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Erie Canal kicks off 200th navigational season today

By Tom Rivers, Editor Posted 17 May 2024 at 7:03 am

The Erie Canal opens its 200th consecutive navigational season today, with the lift bridges and locks to be operational with standard hours daily from 8 a.m. to 6 p.m. The season continues until Oct. 16.

During the peak navigational season from May 17 to Sept. 11, there will be extended hours from 8 a.m. to 9 p.m. at the lift bridges, including the seven in Orleans County. (The Albion Main Street bridge remains under construction this year.)

The standard hours have been moved back an hour this season. Last year the hours were 7 a.m. to 5 p.m.

There won’t be any tolls or fees for recreational use of the canal system for the 8th straight year. Those tolls were normally $25 to $100 for a season pass, depending on the size of the vessel.

There are seven lift bridges in Orleans County – Holley, Hulberton, Ingersoll Street in Albion, Main Street in Albion, Eagle Harbor, Knowlesville and Medina. There are 16 lift bridges on the canal and Orleans has more than any other county in the state.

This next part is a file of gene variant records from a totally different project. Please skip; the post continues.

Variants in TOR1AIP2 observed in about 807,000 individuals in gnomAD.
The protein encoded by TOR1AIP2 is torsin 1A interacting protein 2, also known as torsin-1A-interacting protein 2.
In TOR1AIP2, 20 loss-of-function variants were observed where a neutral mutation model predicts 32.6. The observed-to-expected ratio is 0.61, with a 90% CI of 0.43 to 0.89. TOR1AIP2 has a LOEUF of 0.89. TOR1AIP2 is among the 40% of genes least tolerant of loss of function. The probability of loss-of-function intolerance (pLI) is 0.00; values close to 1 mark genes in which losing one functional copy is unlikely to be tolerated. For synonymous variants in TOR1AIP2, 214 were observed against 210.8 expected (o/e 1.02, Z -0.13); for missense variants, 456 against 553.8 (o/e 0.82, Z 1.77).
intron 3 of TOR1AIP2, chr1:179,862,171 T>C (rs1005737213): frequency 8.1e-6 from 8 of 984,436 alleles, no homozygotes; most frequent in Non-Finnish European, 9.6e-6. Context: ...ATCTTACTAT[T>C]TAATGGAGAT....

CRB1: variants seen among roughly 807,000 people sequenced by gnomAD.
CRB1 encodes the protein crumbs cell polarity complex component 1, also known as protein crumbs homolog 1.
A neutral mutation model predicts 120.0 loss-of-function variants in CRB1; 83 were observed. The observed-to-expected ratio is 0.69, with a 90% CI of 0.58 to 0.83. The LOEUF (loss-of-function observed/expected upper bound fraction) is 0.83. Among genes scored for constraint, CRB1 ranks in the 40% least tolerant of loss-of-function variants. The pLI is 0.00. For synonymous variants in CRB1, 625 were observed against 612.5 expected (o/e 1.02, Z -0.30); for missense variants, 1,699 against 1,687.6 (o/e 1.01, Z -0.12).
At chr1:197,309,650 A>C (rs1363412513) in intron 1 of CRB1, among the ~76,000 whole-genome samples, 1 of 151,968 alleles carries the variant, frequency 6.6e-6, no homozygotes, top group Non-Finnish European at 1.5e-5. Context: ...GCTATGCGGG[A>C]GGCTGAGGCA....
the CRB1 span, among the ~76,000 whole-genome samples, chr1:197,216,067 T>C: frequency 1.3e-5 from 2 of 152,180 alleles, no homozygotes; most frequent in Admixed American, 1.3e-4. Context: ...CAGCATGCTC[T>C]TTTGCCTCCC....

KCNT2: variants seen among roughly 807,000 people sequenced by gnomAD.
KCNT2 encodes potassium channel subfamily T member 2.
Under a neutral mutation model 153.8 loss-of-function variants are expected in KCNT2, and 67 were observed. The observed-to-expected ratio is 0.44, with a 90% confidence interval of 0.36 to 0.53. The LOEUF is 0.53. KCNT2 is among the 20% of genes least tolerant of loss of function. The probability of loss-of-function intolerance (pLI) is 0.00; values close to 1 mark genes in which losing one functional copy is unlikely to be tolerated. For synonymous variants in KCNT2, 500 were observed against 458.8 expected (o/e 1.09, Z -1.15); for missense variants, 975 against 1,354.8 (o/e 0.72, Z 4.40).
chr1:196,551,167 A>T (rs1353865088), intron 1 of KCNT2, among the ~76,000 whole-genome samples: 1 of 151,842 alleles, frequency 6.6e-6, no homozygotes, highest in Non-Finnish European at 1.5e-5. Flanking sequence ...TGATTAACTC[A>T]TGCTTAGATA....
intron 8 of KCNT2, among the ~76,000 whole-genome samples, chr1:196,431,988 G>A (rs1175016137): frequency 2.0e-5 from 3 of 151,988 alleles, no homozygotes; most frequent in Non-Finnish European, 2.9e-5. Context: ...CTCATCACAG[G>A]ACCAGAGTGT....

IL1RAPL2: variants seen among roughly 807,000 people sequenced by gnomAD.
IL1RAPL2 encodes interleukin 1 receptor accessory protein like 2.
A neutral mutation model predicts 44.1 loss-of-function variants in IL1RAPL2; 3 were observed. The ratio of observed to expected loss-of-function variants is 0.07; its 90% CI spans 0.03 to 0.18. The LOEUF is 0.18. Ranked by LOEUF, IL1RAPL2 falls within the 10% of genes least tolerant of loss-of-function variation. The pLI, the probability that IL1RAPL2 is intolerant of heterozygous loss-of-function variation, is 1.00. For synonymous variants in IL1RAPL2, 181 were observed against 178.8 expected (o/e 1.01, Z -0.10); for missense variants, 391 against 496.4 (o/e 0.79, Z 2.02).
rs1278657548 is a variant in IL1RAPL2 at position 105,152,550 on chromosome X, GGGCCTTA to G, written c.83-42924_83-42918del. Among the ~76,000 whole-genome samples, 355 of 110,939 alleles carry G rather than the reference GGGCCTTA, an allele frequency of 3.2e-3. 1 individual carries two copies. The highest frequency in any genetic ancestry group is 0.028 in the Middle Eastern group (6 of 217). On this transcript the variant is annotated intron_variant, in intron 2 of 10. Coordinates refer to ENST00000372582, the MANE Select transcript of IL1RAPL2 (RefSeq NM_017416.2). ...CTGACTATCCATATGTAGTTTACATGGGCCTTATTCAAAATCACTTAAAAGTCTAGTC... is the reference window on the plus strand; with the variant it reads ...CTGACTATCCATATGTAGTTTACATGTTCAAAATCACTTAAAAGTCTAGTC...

The canal was completed in 1825, linking Buffalo to Albany. It has operated every year since. Next year will be the bicentennial of the original 363-mile-long canal, which took eight years to build, from 1817 to 1825.

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Kendall, in crash simulation, sends message about dangers of drinking and driving

By Tom Rivers, Editor Posted 16 May 2024 at 5:51 pm

Photos by Tom Rivers

KENDALL – Bailey Schultz is covered in fake blood in a simulated car crash this morning at Kendall Junior-Senior High School. Five Kendall students role played in a message for their classmates about the dangers of drinking and driving.